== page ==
By Anya Shukla
One of the cutest scenes in "Take A Hint, Dani Brown" comes when the two main characters do a press event at a radio station. No spoilers, but… they just know each other so well, and it is adorable.
Review: At the beginning of Talia Hibbert’s “Take A Hint, Dani Brown,” the romantic leads’ friendly relationship is fueled by five-minute conversations. Zafir, a security guard, monitors the building that Dani teaches in, and the two see each other as (for the most part) platonic acquaintances. But after a photo of Zaf firefighter-carrying Dani out of an elevator post-safety drill goes viral, and Zaf’s mental health organization starts receiving media attention, the two decide to fake-date to keep the publicity going. Naturally, their relationship begins to heat up.
Hibbert remains a master of creating complex, realistic romance characters, and her two protagonists do not disappoint. Add in a slightly sarcastic, hard-hitting writing style, and you have yourself a romance novel that makes you laugh, sigh, and casually hang out around universities' security desks to try and find your other half.
What I Loved: The intersectional diversity. I’ve read 2.5 of her books, and Talia Hibbert does a consistently great job of writing diverse characters. We see representation with regards to race, sexuality, chronic pain, mental health, and more. Dani, for example, is a plus-sized, queer, Black woman; Zafir is a Muslim ex-rugby player who struggles with anxiety. Say what you will about her protagonists—they are never one-dimensional.
Moreover, this book emphasizes the fact that these unique characters should never have to change themselves to fit in or find love: “I hope you didn’t feel like you had to do something that wasn’t… that wasn’t you,” says dreamboat Zaf after an emotionally-guarded Dani hits him with a grand romantic gesture. “I don’t want you to change, Danika. I just want you to be mine” (pg. 542). Can we just. Take a second.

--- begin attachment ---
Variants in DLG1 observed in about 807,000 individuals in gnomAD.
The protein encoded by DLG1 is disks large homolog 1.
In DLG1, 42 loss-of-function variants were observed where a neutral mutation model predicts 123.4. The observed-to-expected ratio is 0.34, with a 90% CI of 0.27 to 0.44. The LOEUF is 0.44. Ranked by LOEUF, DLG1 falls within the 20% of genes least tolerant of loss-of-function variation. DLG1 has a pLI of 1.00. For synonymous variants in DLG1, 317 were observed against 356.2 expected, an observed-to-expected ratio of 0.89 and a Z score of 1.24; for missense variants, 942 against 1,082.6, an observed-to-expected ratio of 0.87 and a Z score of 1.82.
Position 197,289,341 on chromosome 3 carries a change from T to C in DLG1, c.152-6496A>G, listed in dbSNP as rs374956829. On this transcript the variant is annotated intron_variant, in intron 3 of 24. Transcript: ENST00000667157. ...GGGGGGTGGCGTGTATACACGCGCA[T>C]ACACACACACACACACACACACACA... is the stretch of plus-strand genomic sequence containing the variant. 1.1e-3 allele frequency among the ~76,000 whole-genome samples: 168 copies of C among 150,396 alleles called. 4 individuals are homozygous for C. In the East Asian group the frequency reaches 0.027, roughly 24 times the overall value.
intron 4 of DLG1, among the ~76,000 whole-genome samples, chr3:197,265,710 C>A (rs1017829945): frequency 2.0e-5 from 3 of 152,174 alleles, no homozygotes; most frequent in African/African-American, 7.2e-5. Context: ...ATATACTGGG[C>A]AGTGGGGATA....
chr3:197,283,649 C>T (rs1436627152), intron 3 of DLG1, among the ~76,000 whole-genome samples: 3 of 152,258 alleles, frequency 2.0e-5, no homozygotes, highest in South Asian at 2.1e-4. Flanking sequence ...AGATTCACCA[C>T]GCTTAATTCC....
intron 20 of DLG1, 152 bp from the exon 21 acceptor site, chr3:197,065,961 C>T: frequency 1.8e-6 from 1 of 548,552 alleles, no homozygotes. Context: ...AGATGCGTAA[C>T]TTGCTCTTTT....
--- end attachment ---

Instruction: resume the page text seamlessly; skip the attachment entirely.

Okay, after full-on sobbing for a minute, I’m back. That moment is freaking adorable… and contains a moral that bears repeating. Healthy relationships do require some compromise, but not at the risk of losing the core of your personality. I feel like this lesson is especially important for women, people of color, and others who are systemically oppressed by those in power. You deserve to be selfish.
Additionally, I love that Dani is a Ph.D. student studying—in the words of a lovestruck Zafir during a “How Well Do You Know…” live radio game show—“race and gender in the West after slavery” (pg. 302) and ALSO a wholehearted believer in crystals and magic. She’s super smart! And also believes in the supernatural! How multifaceted! Yes, we live in a world where hoity-toity types look down upon astrology, yet Hibbert emphasizes a future doctor (of the academic variety, but still) can have a wide variety of non-mainstream beliefs. You can be both a scientist and a psychic.
Hibbert also deconstructs the idea of masculinity. Zafir reads steamy romance novels and struggles with anxiety; he runs an organization that uses rugby to teach boys about mental health. We love; we love; we love. I am a wholehearted believer in the “if we see a behavior pattern in the media, we start to replicate or validate that conduct in our everyday lives.” By showcasing men who emote, Hibbert helps her real-life readers appreciate emotional vulnerability.
What I Didn’t Love: Honestly, not a lot. Of the “Brown Sisters” series, I like this book the best: its third-act conflict and relationship arc feels believable. The only small thing is that Hibbert wrote all of the novels in this series with the exact same tone, so all of the sisters speak and think in very similar ways. Her slightly deadpan, snarky writing style works for one book… but I personally can’t handle it for three.
That’s pretty much it though. This was a good book. Talia Hibbert is a good writer.
A Quote I Would Like On Goodreads: “It’s good that you realize you’re more valuable as a person than as an idea-machine” (pg. 422).
Up next: “House Made of Dawn" by N. Scott Momaday.
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